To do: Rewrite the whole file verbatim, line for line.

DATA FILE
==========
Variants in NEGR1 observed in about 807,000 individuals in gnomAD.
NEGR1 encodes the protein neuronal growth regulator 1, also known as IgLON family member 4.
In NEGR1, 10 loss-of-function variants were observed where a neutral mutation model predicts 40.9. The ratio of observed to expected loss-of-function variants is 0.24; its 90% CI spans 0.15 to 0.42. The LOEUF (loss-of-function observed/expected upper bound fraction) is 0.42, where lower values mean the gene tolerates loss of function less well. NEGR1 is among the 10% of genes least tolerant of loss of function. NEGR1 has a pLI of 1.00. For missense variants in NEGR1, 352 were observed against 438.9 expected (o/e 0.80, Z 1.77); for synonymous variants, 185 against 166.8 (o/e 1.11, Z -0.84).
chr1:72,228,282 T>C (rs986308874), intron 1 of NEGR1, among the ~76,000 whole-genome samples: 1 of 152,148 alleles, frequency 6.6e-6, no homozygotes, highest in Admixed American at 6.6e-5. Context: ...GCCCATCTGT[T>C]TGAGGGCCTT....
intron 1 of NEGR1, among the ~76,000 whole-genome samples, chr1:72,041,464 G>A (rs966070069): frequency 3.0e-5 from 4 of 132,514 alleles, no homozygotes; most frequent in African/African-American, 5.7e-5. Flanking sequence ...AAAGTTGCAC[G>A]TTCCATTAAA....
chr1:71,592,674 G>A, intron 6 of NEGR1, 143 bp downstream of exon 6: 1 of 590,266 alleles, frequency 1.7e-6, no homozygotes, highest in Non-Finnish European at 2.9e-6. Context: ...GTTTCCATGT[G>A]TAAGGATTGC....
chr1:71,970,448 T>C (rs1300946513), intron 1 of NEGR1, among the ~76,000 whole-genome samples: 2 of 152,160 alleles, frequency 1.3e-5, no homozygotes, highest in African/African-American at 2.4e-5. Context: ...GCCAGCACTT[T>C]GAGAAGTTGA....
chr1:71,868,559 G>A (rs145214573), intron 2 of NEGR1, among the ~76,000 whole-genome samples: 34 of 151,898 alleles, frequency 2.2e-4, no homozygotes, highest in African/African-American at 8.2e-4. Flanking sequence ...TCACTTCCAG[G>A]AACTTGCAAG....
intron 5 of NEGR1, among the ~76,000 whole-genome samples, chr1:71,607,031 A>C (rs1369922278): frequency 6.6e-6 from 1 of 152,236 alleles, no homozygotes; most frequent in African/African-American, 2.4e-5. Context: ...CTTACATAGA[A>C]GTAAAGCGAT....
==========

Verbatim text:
Variants in NEGR1 observed in about 807,000 individuals in gnomAD.
NEGR1 encodes the protein neuronal growth regulator 1, also known as IgLON family member 4.
In NEGR1, 10 loss-of-function variants were observed where a neutral mutation model predicts 40.9. The ratio of observed to expected loss-of-function variants is 0.24; its 90% CI spans 0.15 to 0.42. The LOEUF (loss-of-function observed/expected upper bound fraction) is 0.42, where lower values mean the gene tolerates loss of function less well. NEGR1 is among the 10% of genes least tolerant of loss of function. NEGR1 has a pLI of 1.00. For missense variants in NEGR1, 352 were observed against 438.9 expected (o/e 0.80, Z 1.77); for synonymous variants, 185 against 166.8 (o/e 1.11, Z -0.84).
chr1:72,228,282 T>C (rs986308874), intron 1 of NEGR1, among the ~76,000 whole-genome samples: 1 of 152,148 alleles, frequency 6.6e-6, no homozygotes, highest in Admixed American at 6.6e-5. Context: ...GCCCATCTGT[T>C]TGAGGGCCTT....
intron 1 of NEGR1, among the ~76,000 whole-genome samples, chr1:72,041,464 G>A (rs966070069): frequency 3.0e-5 from 4 of 132,514 alleles, no homozygotes; most frequent in African/African-American, 5.7e-5. Flanking sequence ...AAAGTTGCAC[G>A]TTCCATTAAA....
chr1:71,592,674 G>A, intron 6 of NEGR1, 143 bp downstream of exon 6: 1 of 590,266 alleles, frequency 1.7e-6, no homozygotes, highest in Non-Finnish European at 2.9e-6. Context: ...GTTTCCATGT[G>A]TAAGGATTGC....
chr1:71,970,448 T>C (rs1300946513), intron 1 of NEGR1, among the ~76,000 whole-genome samples: 2 of 152,160 alleles, frequency 1.3e-5, no homozygotes, highest in African/African-American at 2.4e-5. Context: ...GCCAGCACTT[T>C]GAGAAGTTGA....
chr1:71,868,559 G>A (rs145214573), intron 2 of NEGR1, among the ~76,000 whole-genome samples: 34 of 151,898 alleles, frequency 2.2e-4, no homozygotes, highest in African/African-American at 8.2e-4. Flanking sequence ...TCACTTCCAG[G>A]AACTTGCAAG....
intron 5 of NEGR1, among the ~76,000 whole-genome samples, chr1:71,607,031 A>C (rs1369922278): frequency 6.6e-6 from 1 of 152,236 alleles, no homozygotes; most frequent in African/African-American, 2.4e-5. Context: ...CTTACATAGA[A>C]GTAAAGCGAT....